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 Latest Stories
Drones, check points and travel restriction at Yachen Gar
India must recognize Beijing’s Dalai Lama or risk ‘major political difference’: Chinese official
Must not lose hope for Tibet: Dalai Lama tells Tibetan youth
Evicted Tibetan nuns from Yachen Gar beaten by Chinese guards
Lhasa has become a money-driven city, says Australian filmmaker
Coalition of 22 nations condemn China over the mass detention of Uyghurs
Trial begins in Case No. 20
China objects to United States' proposed $2.2 Bn arms sale to Taiwan
Dhondupling wins the first Tibetan women’s basketball tournament against tuberculosis
Tibetan President urges New Delhi to include Tibet among its core issues
 Latest Photo News
Nearly 3000 Students from eight countries listened to teachings of His Holiness the Dalai Lama. Three day annual teachings for youth began today. June 3, 2019. Phayul Photo: Kunsang Gashon
His Holiness the Dalai Lama is being escorted to the teaching site at Tsuglakhang temple, May 13, 2019. Phayul Photo: Kunsang Gashon
More than a thousand Tibetans, Uyghurs and supporters protest in Paris to denounce China's repression in Tibet. Xi Jinping will be on an official visit to France from Monday. Under a canopy of flags with snow lions, protesters marched from the Trocadero Human Rights Square to the Peace Wall at the other end of the Champ de Mars. 25 March 2019. Phayul photo/Norbu Wangyal
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Tibetans See Threat to Their Culture in Chinese Spending
NY Times[Saturday, August 05, 2006 15:55]
By JENNIFER CONLIN

Six decades ago, the Potala Palace in Lhasa, Tibet, was filled with officials of the Dalai Lama’s government. Now it is packed with tourists. The Chinese government recently raised the entry quota on the Potala Palace, once the seat of Dalai Lamas and the political center of Tibet, from 1,500 to 2,300 people a day.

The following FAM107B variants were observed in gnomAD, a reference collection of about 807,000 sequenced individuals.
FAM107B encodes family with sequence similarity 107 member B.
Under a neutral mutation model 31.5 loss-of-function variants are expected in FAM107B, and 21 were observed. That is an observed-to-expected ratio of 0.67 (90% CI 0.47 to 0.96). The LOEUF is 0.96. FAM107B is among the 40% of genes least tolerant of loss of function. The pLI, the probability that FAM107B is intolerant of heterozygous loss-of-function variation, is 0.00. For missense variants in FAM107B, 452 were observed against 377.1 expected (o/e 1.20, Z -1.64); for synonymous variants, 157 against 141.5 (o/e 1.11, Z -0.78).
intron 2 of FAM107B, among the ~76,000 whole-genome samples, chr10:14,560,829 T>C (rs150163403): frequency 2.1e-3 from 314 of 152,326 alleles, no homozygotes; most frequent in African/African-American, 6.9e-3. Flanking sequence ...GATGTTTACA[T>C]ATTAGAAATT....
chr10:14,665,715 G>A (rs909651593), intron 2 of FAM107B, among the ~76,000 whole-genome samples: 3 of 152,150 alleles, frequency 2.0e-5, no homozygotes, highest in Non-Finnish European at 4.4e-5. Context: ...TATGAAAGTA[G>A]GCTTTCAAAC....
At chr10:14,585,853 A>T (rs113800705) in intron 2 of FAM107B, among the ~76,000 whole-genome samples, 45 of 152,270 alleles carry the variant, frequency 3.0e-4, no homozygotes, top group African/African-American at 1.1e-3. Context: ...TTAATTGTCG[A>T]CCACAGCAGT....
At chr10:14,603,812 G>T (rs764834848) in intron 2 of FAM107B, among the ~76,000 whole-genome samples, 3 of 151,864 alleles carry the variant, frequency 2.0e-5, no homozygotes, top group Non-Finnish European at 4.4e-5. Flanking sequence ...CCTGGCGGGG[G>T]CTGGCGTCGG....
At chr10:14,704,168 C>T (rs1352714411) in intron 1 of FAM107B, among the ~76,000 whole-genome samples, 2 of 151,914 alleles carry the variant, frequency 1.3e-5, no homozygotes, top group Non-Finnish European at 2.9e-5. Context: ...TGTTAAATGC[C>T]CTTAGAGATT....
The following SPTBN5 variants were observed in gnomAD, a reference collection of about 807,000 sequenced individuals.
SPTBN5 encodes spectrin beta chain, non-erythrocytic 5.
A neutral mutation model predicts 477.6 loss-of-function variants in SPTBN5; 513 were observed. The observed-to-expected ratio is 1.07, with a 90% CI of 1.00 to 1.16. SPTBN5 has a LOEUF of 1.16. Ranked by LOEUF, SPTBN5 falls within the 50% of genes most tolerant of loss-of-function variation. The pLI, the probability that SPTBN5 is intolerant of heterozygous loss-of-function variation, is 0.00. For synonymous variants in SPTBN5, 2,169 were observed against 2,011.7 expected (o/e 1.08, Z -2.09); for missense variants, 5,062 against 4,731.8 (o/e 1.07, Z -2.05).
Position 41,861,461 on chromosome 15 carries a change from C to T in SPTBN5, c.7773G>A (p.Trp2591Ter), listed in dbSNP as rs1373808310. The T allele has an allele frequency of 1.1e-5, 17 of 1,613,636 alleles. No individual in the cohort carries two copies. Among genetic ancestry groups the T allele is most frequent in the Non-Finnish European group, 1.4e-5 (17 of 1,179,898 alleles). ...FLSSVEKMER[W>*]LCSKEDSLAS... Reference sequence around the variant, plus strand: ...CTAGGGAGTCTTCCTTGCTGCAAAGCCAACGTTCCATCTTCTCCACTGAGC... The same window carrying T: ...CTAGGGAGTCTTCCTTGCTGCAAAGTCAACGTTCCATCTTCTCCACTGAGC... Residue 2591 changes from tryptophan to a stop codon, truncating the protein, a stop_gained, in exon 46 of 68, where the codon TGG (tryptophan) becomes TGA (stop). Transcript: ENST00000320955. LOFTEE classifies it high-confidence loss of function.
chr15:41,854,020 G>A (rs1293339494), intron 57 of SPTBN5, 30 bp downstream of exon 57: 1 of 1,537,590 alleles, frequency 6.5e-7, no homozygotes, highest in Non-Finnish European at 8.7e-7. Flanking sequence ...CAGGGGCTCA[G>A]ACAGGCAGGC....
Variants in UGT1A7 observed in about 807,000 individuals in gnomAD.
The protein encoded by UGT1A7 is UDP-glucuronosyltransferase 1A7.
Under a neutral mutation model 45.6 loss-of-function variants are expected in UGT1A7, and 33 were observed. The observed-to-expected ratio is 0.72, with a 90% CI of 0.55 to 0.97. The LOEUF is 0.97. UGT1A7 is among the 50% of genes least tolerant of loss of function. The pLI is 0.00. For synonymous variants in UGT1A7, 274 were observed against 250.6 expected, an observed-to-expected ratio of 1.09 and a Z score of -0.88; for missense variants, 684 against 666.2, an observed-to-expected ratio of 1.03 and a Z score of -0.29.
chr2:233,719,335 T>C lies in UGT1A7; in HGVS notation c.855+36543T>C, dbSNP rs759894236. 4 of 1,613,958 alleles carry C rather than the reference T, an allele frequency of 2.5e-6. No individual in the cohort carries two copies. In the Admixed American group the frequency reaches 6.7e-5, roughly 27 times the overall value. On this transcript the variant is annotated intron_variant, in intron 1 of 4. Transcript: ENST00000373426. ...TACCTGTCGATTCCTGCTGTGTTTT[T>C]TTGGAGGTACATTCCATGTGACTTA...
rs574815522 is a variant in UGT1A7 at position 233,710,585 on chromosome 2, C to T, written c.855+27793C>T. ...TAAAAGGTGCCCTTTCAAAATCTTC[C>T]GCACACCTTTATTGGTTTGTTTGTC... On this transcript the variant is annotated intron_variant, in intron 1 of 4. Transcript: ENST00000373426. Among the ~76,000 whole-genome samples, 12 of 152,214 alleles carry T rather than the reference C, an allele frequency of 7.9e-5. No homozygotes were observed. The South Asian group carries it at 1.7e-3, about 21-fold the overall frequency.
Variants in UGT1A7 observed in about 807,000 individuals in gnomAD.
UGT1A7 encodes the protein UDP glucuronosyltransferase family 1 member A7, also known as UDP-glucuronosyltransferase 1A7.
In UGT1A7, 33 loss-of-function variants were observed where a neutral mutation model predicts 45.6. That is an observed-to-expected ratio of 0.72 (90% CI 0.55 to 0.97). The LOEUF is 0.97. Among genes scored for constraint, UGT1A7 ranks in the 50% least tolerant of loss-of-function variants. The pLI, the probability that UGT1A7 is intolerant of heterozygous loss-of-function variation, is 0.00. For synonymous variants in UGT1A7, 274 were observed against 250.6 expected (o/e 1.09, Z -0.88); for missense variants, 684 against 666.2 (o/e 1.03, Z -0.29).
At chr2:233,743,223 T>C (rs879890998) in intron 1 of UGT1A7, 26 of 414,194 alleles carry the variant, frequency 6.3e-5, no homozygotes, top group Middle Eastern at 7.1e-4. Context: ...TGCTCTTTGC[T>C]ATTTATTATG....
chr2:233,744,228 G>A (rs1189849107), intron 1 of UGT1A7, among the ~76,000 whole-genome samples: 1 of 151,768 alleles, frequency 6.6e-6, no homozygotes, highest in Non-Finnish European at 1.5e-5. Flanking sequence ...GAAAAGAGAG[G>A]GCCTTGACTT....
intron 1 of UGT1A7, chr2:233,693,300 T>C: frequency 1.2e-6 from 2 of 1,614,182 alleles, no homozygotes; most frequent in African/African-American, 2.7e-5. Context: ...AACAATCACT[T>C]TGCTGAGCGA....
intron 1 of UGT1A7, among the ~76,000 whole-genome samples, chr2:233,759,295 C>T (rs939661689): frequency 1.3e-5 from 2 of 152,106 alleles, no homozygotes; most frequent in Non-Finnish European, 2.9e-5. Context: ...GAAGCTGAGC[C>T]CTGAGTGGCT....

Dating back to the seventh century, the 13-story mud and wood palace — famous for its chapels, gold-embossed tombs of past Dalai Lamas and countless artifacts — was given a $6.8 million facelift by the Chinese government in hope of preserving the ancient architecture. A second phase of repairs, with a cost estimated at $22.5 million, is now under way.

But all this activity, not to mention the recent completion by the Chinese government of the $4.2 billion Qinghai-Tibet Railway, described as the world’s highest, has caused some concerns among Tibetans. Critics worry that the railway, which connects China to Tibet through an area of dangerous terrain that includes the Kunlun Mountains — an earthquake zone — could threaten the local culture.

"Our main concern is that this railway will swamp Tibet with Chinese migrants,” Tsering Tashi, a press officer at the Dalai Lama’s office in London, said in a recent phone interview. “The Tibetans and their supporters across the world will therefore continue to monitor closely how the Golmud-Lhasa rail line impacts the physical and the cultural landscape of Tibet."
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we tibetans!!!! (rommy)
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